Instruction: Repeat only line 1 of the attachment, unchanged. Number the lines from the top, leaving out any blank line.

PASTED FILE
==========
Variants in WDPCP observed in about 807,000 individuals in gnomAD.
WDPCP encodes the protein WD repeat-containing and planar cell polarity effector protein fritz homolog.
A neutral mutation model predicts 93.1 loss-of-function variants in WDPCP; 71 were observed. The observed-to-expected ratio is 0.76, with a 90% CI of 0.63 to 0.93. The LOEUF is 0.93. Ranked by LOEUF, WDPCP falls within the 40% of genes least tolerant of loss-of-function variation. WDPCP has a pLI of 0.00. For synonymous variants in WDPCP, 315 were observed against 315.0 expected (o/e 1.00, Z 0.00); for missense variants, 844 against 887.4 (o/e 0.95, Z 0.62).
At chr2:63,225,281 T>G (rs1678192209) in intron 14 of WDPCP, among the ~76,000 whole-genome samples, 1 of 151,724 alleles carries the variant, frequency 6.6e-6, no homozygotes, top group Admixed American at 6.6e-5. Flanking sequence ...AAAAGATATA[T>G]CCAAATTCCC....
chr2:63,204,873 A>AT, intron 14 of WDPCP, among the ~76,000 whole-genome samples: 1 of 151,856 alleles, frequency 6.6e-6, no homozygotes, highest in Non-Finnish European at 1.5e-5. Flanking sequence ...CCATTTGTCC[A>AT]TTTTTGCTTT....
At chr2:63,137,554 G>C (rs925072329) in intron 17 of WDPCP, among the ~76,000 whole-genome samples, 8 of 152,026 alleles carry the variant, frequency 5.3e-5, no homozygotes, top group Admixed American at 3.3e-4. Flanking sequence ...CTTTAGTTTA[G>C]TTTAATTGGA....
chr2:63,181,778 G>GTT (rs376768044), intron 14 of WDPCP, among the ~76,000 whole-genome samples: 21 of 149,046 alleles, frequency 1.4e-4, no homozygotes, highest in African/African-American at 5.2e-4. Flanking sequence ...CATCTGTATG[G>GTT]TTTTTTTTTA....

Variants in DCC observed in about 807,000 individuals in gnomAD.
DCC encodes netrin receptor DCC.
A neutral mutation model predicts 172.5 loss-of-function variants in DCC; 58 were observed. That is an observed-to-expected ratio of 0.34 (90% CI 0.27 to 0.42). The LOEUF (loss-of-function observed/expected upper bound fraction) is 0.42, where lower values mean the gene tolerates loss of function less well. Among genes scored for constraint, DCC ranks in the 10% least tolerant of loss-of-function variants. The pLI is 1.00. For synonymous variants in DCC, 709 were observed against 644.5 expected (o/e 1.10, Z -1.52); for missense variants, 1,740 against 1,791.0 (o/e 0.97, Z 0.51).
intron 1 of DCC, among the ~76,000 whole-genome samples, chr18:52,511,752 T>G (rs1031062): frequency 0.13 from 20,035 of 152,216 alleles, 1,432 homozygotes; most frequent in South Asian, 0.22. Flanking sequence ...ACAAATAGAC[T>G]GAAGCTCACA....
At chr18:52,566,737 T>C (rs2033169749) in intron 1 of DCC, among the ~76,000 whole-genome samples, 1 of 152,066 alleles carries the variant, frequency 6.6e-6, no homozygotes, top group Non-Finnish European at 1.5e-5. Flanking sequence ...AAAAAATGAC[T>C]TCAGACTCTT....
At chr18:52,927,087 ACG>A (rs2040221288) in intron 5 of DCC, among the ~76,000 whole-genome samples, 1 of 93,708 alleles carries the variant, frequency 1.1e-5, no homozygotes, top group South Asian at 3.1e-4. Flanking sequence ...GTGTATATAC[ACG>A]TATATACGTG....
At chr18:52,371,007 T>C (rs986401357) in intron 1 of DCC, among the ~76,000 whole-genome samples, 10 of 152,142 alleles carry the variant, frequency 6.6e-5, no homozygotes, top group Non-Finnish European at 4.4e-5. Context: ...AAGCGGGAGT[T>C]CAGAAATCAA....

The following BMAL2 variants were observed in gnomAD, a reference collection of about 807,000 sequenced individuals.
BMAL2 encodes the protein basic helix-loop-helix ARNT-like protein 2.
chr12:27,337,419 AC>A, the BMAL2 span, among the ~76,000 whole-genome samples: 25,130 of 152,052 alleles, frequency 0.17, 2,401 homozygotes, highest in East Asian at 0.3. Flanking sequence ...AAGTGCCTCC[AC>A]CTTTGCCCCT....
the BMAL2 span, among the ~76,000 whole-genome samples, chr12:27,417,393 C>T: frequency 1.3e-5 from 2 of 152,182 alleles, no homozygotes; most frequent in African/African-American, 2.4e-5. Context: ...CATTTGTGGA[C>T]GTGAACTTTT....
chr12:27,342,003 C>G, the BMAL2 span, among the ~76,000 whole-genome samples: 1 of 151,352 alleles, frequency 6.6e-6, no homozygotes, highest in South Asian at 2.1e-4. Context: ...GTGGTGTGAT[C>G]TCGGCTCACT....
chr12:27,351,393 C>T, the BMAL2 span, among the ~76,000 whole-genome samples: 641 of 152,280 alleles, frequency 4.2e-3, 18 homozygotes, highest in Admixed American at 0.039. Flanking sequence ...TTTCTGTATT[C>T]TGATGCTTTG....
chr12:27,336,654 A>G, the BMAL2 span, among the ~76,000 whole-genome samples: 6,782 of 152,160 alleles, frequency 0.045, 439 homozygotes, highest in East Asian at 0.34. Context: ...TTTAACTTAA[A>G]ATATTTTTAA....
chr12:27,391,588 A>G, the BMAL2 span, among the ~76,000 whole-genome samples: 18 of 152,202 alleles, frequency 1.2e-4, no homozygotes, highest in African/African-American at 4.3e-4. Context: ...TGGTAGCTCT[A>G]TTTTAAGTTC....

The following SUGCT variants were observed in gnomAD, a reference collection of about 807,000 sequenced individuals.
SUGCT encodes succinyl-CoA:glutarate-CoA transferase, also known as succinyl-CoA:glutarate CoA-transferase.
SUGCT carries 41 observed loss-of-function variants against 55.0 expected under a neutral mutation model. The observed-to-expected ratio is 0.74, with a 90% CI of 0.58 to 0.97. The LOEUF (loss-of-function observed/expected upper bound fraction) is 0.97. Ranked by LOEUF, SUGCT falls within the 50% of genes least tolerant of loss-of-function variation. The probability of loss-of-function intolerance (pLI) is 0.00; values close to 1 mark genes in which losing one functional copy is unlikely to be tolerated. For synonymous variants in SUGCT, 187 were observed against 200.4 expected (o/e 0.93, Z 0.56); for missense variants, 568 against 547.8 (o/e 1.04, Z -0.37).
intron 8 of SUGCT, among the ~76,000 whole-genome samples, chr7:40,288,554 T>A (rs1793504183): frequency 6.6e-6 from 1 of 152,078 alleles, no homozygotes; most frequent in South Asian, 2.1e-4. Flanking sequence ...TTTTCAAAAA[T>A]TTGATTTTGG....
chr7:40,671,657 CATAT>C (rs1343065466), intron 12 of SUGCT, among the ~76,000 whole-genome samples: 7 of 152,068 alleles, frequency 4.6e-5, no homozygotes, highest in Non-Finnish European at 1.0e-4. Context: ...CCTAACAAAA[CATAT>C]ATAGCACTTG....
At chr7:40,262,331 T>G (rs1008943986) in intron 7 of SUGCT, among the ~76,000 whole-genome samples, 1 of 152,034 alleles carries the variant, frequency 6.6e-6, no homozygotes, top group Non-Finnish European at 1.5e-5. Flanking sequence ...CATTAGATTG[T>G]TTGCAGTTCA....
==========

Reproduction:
Variants in WDPCP observed in about 807,000 individuals in gnomAD.